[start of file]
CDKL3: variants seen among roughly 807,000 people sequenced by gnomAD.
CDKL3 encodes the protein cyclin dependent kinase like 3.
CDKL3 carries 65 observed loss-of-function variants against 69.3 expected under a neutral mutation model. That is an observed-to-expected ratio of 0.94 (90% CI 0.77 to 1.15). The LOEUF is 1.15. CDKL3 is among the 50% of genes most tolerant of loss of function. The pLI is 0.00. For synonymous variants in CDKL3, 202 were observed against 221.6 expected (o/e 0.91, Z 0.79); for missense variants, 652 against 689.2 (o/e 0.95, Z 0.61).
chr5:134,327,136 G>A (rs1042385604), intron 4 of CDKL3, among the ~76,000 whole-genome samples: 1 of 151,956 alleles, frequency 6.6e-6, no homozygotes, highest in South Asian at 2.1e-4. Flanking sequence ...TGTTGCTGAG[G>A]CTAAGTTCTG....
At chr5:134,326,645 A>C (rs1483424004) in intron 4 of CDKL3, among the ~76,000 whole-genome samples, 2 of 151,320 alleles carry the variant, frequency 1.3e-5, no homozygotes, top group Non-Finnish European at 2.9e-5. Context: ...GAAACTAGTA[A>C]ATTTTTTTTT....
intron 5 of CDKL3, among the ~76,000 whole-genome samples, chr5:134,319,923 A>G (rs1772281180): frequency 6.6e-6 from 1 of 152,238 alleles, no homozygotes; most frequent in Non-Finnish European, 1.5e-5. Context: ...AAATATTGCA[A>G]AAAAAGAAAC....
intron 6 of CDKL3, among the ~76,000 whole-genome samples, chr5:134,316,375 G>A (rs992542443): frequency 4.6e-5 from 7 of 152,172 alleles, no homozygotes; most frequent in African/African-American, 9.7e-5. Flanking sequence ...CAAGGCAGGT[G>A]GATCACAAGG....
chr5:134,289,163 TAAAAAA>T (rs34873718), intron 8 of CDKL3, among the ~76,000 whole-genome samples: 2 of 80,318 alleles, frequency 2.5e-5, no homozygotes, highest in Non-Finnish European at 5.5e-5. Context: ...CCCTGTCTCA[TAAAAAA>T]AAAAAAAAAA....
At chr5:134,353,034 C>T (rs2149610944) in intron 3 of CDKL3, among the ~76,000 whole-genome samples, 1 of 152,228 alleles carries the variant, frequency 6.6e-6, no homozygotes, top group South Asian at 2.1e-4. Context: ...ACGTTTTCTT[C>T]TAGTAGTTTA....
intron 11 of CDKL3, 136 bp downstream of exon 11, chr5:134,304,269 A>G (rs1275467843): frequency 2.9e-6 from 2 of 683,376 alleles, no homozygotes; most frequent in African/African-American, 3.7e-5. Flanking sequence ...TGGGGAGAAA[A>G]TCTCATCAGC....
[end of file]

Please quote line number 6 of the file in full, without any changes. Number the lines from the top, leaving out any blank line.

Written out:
intron 5 of CDKL3, among the ~76,000 whole-genome samples, chr5:134,319,923 A>G (rs1772281180): frequency 6.6e-6 from 1 of 152,238 alleles, no homozygotes; most frequent in Non-Finnish European, 1.5e-5. Context: ...AAATATTGCA[A>G]AAAAAGAAAC....